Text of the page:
Then: “. . .it tested positive for an atypical type of BSE, L-type, which develops spontaneously in older cattle.” Since when was this discovered/decided? Just like they tell us that it’s “normal” for older people to develop cancer when cancer used to be a rare disease? This smacks of more of making the abnormal “normal.”

    “The U.S. Department of Agriculture recently announced plans to ease regulations on beef imports . . .” Why are we importing beef at all? We can meet all of our domestic needs and don’t need to import beef.

    “In the U.S. and other countries regulating BSE, cattle feed can no longer contain the meat of other ruminant animals.” While that is true, we feed chickens ruminants and then turn around and feed chicken by-products to the cows giving consumers a false sense of security:
    We Feed Cows Chicken Poop: http://www.motherjones.com/environment/2013/12/we-feed-cows-chicken-poop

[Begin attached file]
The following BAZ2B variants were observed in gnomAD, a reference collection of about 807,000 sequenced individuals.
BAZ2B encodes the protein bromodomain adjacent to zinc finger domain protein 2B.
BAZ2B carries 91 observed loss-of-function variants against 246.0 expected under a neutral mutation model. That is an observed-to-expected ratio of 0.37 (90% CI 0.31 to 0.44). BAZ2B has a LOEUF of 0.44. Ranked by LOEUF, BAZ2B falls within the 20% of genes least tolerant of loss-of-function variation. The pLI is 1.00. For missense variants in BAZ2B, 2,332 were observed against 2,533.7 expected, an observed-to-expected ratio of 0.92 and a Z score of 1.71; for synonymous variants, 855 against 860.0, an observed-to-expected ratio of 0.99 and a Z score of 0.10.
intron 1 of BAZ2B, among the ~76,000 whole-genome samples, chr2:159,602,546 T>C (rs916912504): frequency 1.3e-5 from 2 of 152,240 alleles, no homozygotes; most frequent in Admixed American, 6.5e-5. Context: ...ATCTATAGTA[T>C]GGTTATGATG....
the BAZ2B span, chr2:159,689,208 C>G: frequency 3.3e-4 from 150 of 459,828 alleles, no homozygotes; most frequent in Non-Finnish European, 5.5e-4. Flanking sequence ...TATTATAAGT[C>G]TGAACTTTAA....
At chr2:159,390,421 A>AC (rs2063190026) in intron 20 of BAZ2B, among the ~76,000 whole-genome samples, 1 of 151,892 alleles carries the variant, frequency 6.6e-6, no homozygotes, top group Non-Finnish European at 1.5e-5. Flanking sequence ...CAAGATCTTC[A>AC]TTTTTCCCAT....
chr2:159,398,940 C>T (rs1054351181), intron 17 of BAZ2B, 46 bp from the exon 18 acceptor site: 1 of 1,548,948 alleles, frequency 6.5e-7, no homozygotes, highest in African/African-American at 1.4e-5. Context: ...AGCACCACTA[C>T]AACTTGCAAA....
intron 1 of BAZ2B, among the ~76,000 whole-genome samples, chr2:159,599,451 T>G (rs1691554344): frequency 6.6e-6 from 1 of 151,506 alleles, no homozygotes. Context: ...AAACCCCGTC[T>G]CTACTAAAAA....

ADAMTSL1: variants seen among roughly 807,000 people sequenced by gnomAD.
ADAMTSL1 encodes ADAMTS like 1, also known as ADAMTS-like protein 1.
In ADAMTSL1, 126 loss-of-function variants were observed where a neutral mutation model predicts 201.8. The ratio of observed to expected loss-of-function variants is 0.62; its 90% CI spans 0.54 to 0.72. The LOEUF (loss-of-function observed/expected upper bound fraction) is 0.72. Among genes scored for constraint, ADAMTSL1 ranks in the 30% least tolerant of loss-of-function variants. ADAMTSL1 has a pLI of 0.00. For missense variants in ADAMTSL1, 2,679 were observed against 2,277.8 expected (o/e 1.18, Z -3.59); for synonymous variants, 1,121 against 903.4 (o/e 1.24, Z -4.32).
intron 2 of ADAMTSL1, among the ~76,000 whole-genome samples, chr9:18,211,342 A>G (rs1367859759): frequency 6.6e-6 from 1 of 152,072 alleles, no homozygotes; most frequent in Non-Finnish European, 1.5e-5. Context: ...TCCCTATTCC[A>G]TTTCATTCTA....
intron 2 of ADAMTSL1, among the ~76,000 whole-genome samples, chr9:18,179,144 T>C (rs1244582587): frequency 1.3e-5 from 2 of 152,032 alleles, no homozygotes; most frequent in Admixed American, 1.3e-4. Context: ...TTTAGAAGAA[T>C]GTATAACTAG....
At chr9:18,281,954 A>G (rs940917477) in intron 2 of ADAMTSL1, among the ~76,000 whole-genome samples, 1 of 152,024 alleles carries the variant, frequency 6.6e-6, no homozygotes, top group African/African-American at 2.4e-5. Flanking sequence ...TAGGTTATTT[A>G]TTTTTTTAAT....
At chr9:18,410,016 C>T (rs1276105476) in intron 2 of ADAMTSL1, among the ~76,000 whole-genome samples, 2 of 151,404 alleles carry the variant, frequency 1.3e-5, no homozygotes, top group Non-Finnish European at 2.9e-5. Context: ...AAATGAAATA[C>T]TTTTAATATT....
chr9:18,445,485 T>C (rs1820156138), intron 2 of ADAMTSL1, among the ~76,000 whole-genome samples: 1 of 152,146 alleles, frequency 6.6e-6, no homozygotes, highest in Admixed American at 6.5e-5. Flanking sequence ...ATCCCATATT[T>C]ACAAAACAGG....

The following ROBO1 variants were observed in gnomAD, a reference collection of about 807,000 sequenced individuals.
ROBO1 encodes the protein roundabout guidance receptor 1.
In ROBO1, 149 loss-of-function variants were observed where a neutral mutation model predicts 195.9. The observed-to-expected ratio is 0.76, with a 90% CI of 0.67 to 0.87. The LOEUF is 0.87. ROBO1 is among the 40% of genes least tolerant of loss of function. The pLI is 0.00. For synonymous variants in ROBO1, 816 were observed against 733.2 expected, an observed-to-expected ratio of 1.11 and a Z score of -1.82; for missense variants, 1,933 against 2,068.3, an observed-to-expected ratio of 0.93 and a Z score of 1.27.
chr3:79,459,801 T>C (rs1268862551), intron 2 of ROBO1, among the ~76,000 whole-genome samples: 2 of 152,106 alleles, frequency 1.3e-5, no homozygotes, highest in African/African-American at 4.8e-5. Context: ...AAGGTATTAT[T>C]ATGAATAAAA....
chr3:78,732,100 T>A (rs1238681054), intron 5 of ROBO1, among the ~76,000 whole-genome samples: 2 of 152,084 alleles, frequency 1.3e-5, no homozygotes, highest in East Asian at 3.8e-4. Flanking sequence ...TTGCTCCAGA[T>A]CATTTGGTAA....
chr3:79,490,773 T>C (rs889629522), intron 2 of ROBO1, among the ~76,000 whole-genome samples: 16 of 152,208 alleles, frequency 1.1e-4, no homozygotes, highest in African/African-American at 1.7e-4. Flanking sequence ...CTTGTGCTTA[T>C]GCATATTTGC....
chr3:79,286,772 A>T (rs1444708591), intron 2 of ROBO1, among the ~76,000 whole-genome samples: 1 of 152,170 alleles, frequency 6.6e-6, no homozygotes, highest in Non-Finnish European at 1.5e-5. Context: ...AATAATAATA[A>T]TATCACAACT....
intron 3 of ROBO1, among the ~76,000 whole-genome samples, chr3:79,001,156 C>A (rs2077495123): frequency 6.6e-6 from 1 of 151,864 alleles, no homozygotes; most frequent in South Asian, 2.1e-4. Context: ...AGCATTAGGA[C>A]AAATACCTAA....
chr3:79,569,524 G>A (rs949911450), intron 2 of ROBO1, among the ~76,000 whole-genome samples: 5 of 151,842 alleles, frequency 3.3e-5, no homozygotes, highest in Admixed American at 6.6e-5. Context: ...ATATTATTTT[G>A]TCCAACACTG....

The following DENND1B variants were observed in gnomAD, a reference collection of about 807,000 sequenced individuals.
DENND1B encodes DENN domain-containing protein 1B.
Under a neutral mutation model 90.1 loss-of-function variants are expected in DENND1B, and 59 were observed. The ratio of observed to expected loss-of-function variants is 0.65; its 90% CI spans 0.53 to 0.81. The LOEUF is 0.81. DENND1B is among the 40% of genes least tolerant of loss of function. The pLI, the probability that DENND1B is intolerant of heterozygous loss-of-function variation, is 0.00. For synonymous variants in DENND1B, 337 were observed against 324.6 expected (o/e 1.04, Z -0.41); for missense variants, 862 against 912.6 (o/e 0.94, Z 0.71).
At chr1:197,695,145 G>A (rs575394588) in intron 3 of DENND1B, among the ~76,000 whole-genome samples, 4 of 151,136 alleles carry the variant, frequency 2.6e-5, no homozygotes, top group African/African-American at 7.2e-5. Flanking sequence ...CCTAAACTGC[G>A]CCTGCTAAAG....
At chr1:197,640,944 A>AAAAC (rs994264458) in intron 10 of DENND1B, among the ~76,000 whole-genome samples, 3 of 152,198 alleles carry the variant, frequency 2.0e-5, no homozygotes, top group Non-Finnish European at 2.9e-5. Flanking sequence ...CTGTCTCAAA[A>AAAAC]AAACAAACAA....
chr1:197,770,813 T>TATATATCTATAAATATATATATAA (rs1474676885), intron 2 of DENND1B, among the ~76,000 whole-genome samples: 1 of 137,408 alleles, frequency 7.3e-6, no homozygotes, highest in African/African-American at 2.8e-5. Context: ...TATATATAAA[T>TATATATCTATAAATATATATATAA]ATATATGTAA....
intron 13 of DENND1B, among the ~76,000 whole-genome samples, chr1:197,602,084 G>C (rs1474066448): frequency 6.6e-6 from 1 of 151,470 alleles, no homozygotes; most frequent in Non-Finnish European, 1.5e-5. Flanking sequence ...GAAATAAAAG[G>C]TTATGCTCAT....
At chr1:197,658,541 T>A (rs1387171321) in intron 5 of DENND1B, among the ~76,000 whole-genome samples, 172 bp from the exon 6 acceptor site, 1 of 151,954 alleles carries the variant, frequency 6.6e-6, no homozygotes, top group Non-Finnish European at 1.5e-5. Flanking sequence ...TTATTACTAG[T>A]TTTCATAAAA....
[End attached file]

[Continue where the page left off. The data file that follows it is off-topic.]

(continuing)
• john mark carter

      BSE and the other transmissible spongiform encephalopathy diseases are indeed enigmatic.
      Yes, the L-type of BSE seems to occur spontaneously, no matter what the cattle eat. It is similar to “sporadic” Creutzfeld-Jacob disease in humans, which has always affected about 1 in 1,000,000 persons. We figured out “spontaneous” BSE at the end of the epidemic, once we figured out how to tell the different kinds of BSE apart.
      No, the US doesn’t NEED to import beef. We do it because Americans are willing to pay for little freedoms and choices, like where their beef was raised.
      We may all feel secure that the BSE epidemic is over. The “feed ban” solved the problem. We can guess about cycling between chickens and cattle, but it’s not happening, or we would see BSE among those cattle who eat poultry litter.